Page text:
Even if it’s not clear – this harms everybody…in the long run.

    • Jan Hansen

      All patents are evil. but software patents are more evil than other patents.

      • http://www.facebook.com/people/William-R-Mosby/1176981657 William R. Mosby

        Its a little late, I realize, but this looks like a good place to interject my standard silly patent: http://www.google.com/patents/US7028023. A linked list. 2006

  • mrgaribaldi2263

    Shouldn’t juries on software patent trials be loaded with developers? The Fully Informed Jury Association could be helpful in this regard.

    • http://www.feld.com bfeld

      Oh yeah, but they aren’t. And the cost of going to trial is still absurd.

  • http://www.facebook.com/benbuie Ben Buie

    If we can’t get rid of software patents all together, maybe we should fight that software patents can only provide protection to the original owner. So, if Motorolla files a patent, the ownership can’t be transferred to a third party or even a bigger company that buys them. Thoughts?

    • http://www.feld.com bfeld

      Twitter has proposed this – Innovators Patent Agreement – and I’m a big fan – http://blog.twitter.com/2012/04/introducing-innovators-patent-agreement.html

    • Dcall

      So if a startup innovates and gets a patent but can’t afford to sue then they can’t sell the technology to a big company that can. In other words, let’s screw small businesses on both ends. Brilliant well thought out plan.

  • http://petegrif.tumblr.com/ Pete Griffiths

    There’s an interesting piece on software patents here:
    http://www.inc.com/christina-desmarais/patents-an-ip-lawyer-dishes.html

  • Michael T.

    Even worse, what money you pay them may end up going overseas to support terrorists.

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  • Lee McMillan

    Word… I am w/ a large company who was sued by a troll for simply using an HTML tag for roll over pop-ups. It’s a simple tag build in to the official HTML standards, maybe if it was a square with rounded edges we would have known better.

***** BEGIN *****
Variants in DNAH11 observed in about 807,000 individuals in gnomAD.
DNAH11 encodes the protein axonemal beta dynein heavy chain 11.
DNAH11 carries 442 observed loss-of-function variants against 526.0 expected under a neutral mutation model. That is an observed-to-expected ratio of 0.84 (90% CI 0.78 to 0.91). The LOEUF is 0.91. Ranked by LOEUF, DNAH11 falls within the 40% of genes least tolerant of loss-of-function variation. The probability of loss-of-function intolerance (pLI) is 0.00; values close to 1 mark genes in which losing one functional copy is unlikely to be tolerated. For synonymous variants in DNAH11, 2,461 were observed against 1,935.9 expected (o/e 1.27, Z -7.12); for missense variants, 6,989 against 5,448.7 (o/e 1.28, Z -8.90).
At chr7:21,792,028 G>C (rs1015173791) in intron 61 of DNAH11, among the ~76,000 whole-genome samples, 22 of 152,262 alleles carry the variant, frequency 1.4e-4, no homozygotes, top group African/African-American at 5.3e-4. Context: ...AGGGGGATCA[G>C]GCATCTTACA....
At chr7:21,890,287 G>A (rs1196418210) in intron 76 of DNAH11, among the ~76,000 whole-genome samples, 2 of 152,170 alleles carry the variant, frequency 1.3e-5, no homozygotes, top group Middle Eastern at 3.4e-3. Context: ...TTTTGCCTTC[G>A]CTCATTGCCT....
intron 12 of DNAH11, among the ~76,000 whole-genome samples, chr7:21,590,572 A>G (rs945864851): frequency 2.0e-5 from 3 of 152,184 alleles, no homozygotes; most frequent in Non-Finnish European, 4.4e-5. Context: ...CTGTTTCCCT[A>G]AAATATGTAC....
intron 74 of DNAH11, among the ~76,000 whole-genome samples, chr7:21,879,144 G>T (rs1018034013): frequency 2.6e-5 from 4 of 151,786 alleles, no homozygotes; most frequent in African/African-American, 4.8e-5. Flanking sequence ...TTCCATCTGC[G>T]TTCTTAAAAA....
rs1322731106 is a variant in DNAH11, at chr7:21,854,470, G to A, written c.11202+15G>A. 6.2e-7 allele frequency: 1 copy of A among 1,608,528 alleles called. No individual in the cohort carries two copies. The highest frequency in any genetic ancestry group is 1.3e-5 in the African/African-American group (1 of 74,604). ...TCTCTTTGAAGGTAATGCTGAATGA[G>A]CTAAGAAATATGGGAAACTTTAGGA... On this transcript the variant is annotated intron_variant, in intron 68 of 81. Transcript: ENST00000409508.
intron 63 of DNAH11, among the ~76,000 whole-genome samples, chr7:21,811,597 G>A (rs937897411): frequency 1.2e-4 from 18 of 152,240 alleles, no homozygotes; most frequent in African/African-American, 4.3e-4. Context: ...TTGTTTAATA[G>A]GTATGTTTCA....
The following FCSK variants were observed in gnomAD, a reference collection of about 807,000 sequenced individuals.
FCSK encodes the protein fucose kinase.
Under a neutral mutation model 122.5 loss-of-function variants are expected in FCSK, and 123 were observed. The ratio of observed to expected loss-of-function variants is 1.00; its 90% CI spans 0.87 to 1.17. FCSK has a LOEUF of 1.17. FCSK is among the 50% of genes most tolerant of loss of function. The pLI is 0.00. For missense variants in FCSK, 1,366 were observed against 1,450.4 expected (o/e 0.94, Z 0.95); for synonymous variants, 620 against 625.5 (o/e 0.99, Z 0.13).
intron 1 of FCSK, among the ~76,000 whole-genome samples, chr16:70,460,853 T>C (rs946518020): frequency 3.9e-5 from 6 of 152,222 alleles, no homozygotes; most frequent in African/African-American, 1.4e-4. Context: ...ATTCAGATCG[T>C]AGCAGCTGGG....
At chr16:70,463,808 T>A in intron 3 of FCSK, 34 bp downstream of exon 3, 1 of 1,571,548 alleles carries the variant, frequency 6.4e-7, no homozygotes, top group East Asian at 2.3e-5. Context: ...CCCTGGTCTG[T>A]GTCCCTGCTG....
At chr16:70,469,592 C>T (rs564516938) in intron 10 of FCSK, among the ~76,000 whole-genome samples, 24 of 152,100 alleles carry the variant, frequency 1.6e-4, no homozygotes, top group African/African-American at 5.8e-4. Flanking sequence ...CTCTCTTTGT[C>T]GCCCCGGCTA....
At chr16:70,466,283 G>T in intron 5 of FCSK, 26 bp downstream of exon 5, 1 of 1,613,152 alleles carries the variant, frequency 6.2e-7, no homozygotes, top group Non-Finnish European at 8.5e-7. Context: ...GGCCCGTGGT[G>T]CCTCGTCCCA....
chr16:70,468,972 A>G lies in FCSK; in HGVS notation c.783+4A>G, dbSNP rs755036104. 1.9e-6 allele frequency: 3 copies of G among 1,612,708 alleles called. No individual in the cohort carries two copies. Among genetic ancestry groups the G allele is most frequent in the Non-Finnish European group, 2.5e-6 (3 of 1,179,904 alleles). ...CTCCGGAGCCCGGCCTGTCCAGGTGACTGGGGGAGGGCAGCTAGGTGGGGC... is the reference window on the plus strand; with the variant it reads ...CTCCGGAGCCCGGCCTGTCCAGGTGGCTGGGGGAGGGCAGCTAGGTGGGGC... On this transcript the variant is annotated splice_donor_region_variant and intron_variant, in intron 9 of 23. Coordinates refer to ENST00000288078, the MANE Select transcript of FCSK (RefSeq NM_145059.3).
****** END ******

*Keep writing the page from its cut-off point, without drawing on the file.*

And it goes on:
I guess this fit our world today, legal extortion for “donor” lawyers, small fines for bankers that would like the rest of in jail and no charges for theirs if you happen to have been in politics – i.e. Corzine.

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  • http://technbiz.blogspot.com paramendra

    MAD Before Common Sense http://t.co/aSQ1LnHW

  • http://twitter.com/Ironhelix Ironhelix


    And getting a patent is not that hard” Bull. Clearly you haven’t filed any patents. It’s a lot harder than you think. But instead of complaining about not being innovative just make a deal for a license, which may help your business since you would have protection for the technology you’re building that someone else came up with before you. I’m really sick of the whiners that complain and disparage inventors that HAVE innovated that that think they should not pay/license because they are a $0 startup. I guess it’s ok to pirate music and not pay the artist, or download a movie and not pay for it. I don’t disagree that there are Non-Practicing Entities (NPE’s) that have no intention of building the inventions of the patents they hold or acquired, but not everyone that has patents is a NPE. I’m entitled to receive payment for my inventions from companies that infringe because I thought of it, filed it, and prosecuted it through the PTO at GREAT expense and should be rewarded for my intellect, not disparaged because you didn’t think of it and don’t want to pay.

    • http://context.io Bruno Morency

      You’re missing the point. You’re not disparaged “because we didn’t think of it and don’t want to pay”. We thought of it and so did tons of people. We did so independently and sometimes even prior to your filing. We see no legitimate reasons why we’d have to pay and that’s why you’re being disparaged.

  • http://yrihf.com John Bailo

    This was made worse by Obama signing legislation last year replacing First to Create with First to Patent. What this means is that even if you can prove with evidence that you were the first to conceive of an idea, someone else who patents it first will lay claim to the intellectual property.